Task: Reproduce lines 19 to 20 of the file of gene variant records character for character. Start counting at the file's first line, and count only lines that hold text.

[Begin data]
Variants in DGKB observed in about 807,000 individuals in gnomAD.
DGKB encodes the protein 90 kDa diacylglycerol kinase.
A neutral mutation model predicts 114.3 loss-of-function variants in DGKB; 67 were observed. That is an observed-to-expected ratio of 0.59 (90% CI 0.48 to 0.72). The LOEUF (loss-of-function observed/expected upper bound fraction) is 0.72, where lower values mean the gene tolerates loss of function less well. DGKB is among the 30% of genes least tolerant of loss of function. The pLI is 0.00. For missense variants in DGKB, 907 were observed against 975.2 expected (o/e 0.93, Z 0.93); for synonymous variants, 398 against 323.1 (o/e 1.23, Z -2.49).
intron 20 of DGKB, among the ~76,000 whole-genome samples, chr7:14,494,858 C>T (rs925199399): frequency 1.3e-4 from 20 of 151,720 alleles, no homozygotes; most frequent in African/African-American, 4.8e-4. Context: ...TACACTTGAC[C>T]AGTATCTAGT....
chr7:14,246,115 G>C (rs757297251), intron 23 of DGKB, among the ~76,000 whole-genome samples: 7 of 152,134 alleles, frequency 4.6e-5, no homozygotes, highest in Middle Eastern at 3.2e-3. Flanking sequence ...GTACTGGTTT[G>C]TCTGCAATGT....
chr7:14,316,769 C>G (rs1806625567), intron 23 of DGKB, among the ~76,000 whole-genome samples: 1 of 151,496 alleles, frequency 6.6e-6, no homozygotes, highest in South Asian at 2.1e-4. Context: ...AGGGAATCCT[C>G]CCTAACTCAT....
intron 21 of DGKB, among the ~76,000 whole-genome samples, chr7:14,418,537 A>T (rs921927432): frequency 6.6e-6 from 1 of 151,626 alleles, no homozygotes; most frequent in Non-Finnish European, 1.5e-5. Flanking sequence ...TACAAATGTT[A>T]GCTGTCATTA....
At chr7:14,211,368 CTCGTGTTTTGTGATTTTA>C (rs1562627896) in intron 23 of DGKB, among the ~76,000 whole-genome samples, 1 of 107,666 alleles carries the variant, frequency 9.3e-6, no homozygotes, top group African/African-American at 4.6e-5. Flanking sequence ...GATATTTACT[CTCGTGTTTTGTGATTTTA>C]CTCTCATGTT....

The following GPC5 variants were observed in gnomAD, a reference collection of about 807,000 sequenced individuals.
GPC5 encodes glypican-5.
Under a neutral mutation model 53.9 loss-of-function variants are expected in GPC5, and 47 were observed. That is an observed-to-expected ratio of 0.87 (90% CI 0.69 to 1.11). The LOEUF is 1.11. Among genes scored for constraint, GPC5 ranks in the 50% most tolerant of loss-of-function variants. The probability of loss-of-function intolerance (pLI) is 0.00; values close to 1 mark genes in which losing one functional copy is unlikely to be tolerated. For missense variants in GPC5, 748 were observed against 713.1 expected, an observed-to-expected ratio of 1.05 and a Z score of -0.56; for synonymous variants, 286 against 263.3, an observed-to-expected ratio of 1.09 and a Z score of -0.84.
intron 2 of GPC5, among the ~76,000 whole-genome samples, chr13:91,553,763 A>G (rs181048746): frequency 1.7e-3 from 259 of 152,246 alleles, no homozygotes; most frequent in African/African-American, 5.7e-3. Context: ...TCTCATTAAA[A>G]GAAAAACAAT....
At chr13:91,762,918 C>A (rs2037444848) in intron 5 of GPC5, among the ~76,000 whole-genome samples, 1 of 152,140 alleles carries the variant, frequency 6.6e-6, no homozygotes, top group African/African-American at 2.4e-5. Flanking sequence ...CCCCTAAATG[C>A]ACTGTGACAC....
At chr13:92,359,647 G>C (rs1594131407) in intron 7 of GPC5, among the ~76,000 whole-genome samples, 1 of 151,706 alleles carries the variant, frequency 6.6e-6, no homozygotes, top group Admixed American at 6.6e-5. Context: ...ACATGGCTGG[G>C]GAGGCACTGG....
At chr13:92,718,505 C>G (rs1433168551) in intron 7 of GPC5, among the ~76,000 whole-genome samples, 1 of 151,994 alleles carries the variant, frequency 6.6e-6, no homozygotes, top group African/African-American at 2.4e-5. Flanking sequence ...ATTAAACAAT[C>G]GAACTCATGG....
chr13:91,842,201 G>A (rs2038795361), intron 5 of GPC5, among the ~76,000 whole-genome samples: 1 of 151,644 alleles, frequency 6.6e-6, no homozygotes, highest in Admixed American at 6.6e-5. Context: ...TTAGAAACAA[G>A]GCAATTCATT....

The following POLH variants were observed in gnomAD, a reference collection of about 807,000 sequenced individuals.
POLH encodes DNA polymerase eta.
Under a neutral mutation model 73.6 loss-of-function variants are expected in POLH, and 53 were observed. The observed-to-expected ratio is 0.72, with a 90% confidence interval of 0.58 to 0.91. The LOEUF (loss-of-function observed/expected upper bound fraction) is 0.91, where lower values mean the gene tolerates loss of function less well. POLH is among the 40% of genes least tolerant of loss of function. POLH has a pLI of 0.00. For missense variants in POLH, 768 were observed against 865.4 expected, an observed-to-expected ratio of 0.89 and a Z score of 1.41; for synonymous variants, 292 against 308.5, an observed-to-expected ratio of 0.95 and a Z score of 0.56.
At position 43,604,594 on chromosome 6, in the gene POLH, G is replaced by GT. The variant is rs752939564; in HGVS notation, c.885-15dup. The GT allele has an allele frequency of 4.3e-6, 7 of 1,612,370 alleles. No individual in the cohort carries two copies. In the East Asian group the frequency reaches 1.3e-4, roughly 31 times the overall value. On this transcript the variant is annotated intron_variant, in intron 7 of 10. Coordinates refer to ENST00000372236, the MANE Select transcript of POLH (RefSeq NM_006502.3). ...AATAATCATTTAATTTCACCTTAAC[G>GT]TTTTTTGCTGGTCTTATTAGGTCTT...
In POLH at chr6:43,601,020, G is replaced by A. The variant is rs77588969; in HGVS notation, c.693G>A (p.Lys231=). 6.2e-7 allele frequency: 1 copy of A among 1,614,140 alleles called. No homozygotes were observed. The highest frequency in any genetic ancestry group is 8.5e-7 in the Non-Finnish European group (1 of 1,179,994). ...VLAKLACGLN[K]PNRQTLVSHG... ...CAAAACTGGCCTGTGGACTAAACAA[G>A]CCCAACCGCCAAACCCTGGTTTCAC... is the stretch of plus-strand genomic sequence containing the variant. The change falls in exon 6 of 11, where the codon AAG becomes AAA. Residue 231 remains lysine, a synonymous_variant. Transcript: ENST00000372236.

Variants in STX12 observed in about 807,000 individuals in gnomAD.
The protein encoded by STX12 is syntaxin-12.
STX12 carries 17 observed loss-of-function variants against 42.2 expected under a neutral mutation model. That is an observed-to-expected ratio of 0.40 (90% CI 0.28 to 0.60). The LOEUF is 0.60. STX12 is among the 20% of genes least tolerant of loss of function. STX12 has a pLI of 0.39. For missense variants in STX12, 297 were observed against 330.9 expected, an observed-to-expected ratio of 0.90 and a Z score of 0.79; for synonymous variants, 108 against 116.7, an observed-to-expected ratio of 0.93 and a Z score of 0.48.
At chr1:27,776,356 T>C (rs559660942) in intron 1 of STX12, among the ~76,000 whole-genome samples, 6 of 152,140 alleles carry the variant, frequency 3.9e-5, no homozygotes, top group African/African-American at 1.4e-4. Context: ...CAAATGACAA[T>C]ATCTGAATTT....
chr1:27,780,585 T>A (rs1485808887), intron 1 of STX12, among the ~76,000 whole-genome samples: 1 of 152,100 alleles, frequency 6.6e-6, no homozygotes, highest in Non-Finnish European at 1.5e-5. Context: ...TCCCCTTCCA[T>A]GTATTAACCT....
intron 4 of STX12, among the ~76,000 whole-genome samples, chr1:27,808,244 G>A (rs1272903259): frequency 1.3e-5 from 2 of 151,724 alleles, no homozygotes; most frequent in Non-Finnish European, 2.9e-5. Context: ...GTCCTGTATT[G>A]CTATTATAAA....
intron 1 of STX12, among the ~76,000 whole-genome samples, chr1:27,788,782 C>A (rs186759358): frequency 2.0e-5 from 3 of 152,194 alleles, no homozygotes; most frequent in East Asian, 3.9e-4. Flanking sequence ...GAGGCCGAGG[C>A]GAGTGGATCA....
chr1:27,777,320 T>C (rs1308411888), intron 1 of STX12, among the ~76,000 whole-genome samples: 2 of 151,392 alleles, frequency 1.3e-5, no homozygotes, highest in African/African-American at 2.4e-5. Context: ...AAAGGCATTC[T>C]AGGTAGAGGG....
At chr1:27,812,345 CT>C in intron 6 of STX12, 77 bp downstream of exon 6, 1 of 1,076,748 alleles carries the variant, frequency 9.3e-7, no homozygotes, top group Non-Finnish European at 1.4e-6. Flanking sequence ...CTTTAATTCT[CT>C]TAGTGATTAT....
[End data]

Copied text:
Under a neutral mutation model 73.6 loss-of-function variants are expected in POLH, and 53 were observed. The observed-to-expected ratio is 0.72, with a 90% confidence interval of 0.58 to 0.91. The LOEUF (loss-of-function observed/expected upper bound fraction) is 0.91, where lower values mean the gene tolerates loss of function less well. POLH is among the 40% of genes least tolerant of loss of function. POLH has a pLI of 0.00. For missense variants in POLH, 768 were observed against 865.4 expected, an observed-to-expected ratio of 0.89 and a Z score of 1.41; for synonymous variants, 292 against 308.5, an observed-to-expected ratio of 0.95 and a Z score of 0.56.
At position 43,604,594 on chromosome 6, in the gene POLH, G is replaced by GT. The variant is rs752939564; in HGVS notation, c.885-15dup. The GT allele has an allele frequency of 4.3e-6, 7 of 1,612,370 alleles. No individual in the cohort carries two copies. In the East Asian group the frequency reaches 1.3e-4, roughly 31 times the overall value. On this transcript the variant is annotated intron_variant, in intron 7 of 10. Coordinates refer to ENST00000372236, the MANE Select transcript of POLH (RefSeq NM_006502.3). ...AATAATCATTTAATTTCACCTTAAC[G>GT]TTTTTTGCTGGTCTTATTAGGTCTT...